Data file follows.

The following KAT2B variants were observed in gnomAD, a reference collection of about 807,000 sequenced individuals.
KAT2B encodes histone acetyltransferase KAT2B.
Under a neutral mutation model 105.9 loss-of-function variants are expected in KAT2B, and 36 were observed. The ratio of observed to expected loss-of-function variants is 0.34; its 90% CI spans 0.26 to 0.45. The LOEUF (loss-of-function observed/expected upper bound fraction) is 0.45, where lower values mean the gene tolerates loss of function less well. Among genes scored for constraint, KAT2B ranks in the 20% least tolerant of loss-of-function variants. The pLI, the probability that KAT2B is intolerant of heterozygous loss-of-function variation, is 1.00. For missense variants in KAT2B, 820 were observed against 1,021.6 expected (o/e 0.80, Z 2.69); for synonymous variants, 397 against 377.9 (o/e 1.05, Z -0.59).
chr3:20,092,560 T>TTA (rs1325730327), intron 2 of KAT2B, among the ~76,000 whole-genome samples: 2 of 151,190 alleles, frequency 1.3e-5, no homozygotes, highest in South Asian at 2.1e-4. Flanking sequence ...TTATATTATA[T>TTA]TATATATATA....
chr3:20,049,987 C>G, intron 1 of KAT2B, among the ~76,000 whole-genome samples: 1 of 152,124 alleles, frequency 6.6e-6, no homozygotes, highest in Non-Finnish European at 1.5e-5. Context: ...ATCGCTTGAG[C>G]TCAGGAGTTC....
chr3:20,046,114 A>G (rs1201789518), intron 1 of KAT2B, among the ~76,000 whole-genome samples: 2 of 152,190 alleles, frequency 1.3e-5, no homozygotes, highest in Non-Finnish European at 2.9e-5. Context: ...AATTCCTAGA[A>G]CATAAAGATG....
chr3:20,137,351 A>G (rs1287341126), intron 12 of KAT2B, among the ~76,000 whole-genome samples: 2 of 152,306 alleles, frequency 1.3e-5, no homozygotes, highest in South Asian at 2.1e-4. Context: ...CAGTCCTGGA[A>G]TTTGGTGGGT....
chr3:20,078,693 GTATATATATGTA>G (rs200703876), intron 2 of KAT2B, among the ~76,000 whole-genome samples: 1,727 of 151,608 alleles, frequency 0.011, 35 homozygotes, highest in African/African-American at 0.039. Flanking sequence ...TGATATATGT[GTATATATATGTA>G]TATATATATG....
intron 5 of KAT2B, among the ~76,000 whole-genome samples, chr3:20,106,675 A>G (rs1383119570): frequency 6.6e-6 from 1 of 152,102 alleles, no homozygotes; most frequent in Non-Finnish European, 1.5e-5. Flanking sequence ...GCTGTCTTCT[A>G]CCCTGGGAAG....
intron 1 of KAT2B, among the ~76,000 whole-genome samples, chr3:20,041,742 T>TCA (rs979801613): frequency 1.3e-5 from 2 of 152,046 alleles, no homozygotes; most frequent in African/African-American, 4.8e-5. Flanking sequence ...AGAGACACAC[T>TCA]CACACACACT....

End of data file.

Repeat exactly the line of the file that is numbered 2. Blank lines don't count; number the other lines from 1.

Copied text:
KAT2B encodes histone acetyltransferase KAT2B.